This is a wellwritten paper targeting interesting problem. The proposed approach is original and build on the analogous studies for simpler setups.
Q1:Author
rebuttal: Please respond to any concerns raised in the reviews. There are
no constraints on how you want to argue your case, except for the fact
that your text should be limited to a maximum of 5000 characters. Note
however, that reviewers and area chairs are busy and may not read long
vague rebuttals. It is in your own interest to be concise and to the
point.
We thank the reviewers for their helpful
comments.
Multiple reviewers mentioned that our work addresses a
problem that is important in practice (reviewers 3, 4, 5, 6), that that
our solution is novel (rev. 3, 4, 5), and that our experiments were
extensive (rev. 3, 4, 5). They also voiced several valid concerns, which
we address below.
1. The main concern of reviewers 1, 7 is whether
probability calibration is an important problem.
In particular
reviewer 1 points out that the "userfacing output" is a MAP prediction,
not a probability. However, reporting the probability of being correct is
often a natural thing to do, for instance in medical applications such as
diagnosing the presence of infectious microbes (see PMC3131843 in PubMed
for a structured prediction formulation of the problem). Even if
probabilities are not seen by the user, they are useful for determining
whether to report the MAP prediction at all. For example, Siri needs to
determine if it has understood a user command or if it should ask for a
particular type of clarification (for instance, for a specific
word).
2. Reviewer 1 is concerned with a lack of comparison to
previous methods.
Reviewer 1 may have two kinds of methods in mind.
(1) Previous generalpurpose recalibration methods apply only in the
binary or multiclass settings; extending them to structured learning
involves new subtleties that we address in our paper (e.g. how to choose
domain general features that are both informative and easy to compute). We
also show in Figure 2a that applying our framework in the multiclass
setting (a special case of structured prediction) produces improvements
over an existing method. (2) Existing techniques in speech recognition
resemble our framework but involve highly domainspecific features (i.e.
derived from the acoustic model, from word lattices, etc.) and do not
always explicitly target calibration (e.g. some works "recalibrate" using
SVMs, a notoriously uncalibrated method). See Jiang, 2005 for a survey. To
our knowledge, the settings we consider have no widely accepted
domainspecific calibration methods to which we can compare.
3.
Other concerns of Reviewer 1
Reviewer 1 questioned the purpose of
comparing kNN and random forests. We propose to use kNN with large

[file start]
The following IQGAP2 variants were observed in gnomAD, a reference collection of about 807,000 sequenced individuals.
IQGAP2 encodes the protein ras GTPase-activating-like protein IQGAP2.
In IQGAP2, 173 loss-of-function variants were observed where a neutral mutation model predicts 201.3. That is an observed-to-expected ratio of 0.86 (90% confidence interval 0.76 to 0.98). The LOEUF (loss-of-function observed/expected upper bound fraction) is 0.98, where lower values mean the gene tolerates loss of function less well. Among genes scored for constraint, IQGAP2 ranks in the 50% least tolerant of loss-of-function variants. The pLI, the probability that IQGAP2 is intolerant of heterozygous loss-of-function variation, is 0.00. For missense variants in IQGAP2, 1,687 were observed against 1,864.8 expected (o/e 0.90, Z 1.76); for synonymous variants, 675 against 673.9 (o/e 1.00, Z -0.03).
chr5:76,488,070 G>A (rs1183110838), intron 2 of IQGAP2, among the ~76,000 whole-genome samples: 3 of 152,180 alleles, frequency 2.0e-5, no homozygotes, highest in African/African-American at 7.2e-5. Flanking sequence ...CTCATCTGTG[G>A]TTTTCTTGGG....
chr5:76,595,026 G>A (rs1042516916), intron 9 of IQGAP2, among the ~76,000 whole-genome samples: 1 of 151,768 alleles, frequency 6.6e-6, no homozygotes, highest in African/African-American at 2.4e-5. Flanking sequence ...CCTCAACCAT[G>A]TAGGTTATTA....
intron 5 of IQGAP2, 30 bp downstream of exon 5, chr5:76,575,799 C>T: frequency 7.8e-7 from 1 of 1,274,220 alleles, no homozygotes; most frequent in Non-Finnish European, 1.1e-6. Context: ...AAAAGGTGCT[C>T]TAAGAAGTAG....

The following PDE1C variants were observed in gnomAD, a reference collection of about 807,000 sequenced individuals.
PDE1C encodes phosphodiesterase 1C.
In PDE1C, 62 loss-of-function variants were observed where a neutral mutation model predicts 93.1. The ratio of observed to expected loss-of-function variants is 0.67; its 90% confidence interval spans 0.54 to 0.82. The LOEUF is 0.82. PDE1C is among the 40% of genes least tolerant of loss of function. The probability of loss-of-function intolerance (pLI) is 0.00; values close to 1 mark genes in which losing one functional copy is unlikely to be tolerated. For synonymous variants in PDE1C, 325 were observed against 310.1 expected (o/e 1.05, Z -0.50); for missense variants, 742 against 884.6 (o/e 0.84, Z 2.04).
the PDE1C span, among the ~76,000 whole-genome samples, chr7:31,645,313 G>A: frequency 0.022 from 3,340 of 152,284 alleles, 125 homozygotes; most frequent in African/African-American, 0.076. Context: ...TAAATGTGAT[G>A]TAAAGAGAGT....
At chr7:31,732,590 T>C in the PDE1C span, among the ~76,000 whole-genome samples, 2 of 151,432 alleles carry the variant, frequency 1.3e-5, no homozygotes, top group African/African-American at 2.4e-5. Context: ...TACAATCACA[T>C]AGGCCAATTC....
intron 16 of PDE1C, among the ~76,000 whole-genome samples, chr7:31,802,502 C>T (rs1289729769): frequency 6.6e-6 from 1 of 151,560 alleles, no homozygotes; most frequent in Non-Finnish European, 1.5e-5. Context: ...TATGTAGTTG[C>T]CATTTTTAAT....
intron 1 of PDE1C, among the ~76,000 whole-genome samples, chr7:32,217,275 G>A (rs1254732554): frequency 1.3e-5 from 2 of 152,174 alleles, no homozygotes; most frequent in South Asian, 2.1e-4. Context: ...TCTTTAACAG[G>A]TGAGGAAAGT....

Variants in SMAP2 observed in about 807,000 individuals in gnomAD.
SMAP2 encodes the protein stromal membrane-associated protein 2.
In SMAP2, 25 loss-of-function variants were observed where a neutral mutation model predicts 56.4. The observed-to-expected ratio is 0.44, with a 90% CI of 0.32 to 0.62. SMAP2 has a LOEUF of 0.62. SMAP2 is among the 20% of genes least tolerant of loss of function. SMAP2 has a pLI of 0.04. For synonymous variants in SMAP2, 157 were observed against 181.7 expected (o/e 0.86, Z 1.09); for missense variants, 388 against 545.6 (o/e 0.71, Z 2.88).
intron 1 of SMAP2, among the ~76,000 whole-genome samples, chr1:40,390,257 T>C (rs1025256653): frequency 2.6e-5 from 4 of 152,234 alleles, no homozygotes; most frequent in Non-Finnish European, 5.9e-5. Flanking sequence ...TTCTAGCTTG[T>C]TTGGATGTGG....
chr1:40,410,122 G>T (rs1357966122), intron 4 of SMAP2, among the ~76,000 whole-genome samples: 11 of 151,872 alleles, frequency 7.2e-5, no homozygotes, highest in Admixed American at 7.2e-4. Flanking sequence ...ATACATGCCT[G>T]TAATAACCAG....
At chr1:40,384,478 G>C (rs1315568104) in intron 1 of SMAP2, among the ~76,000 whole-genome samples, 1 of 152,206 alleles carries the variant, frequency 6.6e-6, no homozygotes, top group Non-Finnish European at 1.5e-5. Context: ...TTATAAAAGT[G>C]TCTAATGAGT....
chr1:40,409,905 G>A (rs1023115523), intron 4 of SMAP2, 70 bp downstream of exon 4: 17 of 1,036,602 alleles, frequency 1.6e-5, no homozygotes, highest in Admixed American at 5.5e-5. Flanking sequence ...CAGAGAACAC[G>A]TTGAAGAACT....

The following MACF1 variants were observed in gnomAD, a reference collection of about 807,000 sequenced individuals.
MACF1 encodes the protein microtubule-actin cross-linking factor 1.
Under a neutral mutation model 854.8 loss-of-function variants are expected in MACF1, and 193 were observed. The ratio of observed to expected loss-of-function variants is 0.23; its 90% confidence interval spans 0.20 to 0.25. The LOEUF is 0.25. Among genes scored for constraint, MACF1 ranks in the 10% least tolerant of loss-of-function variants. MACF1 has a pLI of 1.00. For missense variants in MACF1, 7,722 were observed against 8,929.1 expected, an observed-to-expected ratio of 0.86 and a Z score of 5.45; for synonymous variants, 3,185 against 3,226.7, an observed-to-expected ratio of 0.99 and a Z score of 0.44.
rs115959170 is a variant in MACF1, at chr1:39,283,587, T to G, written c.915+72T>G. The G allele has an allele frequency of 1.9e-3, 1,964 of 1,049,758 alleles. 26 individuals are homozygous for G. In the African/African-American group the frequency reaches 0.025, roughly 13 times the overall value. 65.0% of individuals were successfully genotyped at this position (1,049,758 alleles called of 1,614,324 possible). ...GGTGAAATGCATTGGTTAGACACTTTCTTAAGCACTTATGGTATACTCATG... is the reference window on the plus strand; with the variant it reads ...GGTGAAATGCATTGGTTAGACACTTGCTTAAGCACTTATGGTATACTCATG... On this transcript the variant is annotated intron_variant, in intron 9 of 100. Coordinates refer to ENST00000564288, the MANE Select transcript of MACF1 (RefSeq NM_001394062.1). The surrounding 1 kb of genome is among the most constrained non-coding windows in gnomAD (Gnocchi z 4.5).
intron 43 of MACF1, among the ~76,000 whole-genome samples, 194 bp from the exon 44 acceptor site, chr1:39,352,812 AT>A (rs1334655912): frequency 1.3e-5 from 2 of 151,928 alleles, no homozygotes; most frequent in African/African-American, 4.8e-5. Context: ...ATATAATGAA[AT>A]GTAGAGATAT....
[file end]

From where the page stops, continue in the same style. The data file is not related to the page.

datasets and continuous features; RFs handle better small datasets and
discrete features. Our comparison was meant to illustrate this. However,
our main contribution is the entire framework of events and features, not
the choice of recalibrator.
We also thank reviewer 1 for pointing
out that the sentence line 81 is too strong. We meant to say that the
probabilities do not encode the empirical frequency of the event being
correct.
Finally, we thank reviewer 1 for pointing out the lack of
references in the Background section; all references were previously in
the Previous Work section, but we will move them to the Background. We
also thank reviewer 1 for pointing out that "uncertainty" and not
"entropy" is the correct technical term (we borrowed this term from [3]);
we will correct this in the next version.
4. Reviewers 5, 7 found
certain parts of the paper unclear.
Reviewer 7 asks us how the
margin p(y^{MAP1})  p(y^{MAP2}) is computed. In the chain model, we
compute y^{MAP2} using kbest Viterbi (for k=2). In the graph model, we
compute marginals q_j(x_j) using mean field (line 317), and for each j we
look up the x_j with the second highest probability.
Reviewer 5
asks us how the recalibrator is constructed and whether the training and
test distributions of features are identical. Note that we assume that X,
Y are sampled from P; since features \phi and events E are deterministic
functions, \phi_E(X,Y) and E(X) have identical training and test
distributions. The recalibrator is trained to predict E from \phi on the
training set; it will be calibrated on the test set by empirical risk
minimization theory and because we are using the l_2 loss (which
implicitly optimizes for calibration).
We also propose (line 266)
that related events E_i (e.g. "was letter i decoded correctly?") may be
pooled, and the recalibrator may be trained on the union of the training
sets { \phi_{E_i}(X, Y), E_i(X) }. In this case, the training and test
proportions of the E_i need to be similar (i.e. the user should query the
probability of both types of events in the same proportions); we show in
our experiments that this is a reasonable assumption to make in practice.
This is indeed a confusing aspect of our method, and we thank the reviewer
for pointing it out.
We will clarify all these points in the next
version of the manuscript; in particular, we have already prepared a
formal, mathematically rigorous discussion of event
pooling.